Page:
Pinch-hitting for Franchy Cordero — who laced a 114.5 mph triple earlier in the game — outfield prospect Heston Kjerstad roped a 107.2 mph triple of his own. Infield prospect Coby Mayo hit a 111.5 mph double on Tuesday in Fort Myers that Hyde described as “loud.”

“Just kind of a reflection of how our practice days go, how our work days go and obviously the talent that this organization has,” Westburg said. “I think everybody takes pride in that, everybody tries to get up there and get a good pitch to hit and — when they do — not miss it.”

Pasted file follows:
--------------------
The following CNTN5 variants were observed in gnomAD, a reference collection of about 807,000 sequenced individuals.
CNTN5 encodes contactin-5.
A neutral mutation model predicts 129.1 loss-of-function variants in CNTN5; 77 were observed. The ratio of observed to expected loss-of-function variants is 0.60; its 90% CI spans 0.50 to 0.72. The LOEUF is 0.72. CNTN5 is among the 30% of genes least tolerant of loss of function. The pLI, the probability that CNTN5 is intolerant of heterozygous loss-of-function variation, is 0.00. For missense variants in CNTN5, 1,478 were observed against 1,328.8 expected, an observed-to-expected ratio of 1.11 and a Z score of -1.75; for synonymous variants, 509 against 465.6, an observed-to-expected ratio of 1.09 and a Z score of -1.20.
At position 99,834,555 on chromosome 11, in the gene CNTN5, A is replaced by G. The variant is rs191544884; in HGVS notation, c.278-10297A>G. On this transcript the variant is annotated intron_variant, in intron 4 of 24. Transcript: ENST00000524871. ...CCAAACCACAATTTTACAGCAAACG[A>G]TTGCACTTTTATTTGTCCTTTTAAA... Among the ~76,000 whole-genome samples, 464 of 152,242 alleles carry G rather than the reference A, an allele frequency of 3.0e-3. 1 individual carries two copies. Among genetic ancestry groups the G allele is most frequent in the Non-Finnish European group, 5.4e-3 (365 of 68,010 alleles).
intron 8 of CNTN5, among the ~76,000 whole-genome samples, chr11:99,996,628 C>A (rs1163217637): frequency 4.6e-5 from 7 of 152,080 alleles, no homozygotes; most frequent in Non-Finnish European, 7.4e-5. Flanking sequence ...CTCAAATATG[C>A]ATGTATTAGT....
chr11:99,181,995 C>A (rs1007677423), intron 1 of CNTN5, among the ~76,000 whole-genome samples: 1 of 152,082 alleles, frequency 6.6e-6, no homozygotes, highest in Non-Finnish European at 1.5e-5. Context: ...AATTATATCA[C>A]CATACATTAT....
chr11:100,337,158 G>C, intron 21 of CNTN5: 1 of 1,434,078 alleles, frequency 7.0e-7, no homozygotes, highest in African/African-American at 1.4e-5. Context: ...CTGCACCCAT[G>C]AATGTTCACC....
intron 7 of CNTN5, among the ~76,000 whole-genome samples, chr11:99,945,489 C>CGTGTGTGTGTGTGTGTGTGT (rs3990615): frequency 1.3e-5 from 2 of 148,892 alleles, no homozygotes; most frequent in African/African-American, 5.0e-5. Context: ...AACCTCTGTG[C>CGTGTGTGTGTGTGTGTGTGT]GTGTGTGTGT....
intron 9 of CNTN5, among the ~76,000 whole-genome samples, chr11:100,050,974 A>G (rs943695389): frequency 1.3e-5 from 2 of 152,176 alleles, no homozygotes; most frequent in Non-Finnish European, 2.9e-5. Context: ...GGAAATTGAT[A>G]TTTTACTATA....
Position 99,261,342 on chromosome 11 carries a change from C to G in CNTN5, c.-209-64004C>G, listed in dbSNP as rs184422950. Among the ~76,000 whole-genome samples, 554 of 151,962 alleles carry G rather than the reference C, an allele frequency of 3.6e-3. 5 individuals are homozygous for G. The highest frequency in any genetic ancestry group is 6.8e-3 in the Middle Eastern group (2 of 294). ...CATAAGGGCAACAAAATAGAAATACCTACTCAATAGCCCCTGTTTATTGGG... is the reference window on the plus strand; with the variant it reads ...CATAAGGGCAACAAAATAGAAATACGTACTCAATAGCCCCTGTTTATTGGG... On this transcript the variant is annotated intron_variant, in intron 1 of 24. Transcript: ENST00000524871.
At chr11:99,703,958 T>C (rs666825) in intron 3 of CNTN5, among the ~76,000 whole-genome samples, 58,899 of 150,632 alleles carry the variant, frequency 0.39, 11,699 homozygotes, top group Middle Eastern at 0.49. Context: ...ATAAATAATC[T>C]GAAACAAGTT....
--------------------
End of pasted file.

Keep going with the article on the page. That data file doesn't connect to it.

First round of cuts

Before Thursday’s exhibition, Hyde said the Orioles’ first round of cuts was coming before Monday. They came before 5 p.m.

Mayo and César Prieto, another well-regarded infield prospect, were the most significant of the 12 players Baltimore reassigned to minor league camp after Thursday’s game. Joining them were pitchers Wandisson Charles, Ofreidy Gómez, Morgan McSweeney, Kade Strowd, Cole Uvila, Chris Vallimont and Ryan Watson; outfielder Robert Neustrom; catcher Ramón Rodriguez; and first baseman Curtis Terry.


The moves leave the Orioles’ spring roster at 59 players, though four of them — Kremer, outfielders Cedric Mullins and Anthony Santander, and left-hander Darwinzon Hernández — are playing in the WBC.

Mayo’s removal means nine of Baltimore’s top 10 prospects remain in big league camp, including 2022 first-overall draft pick Jackson Holliday.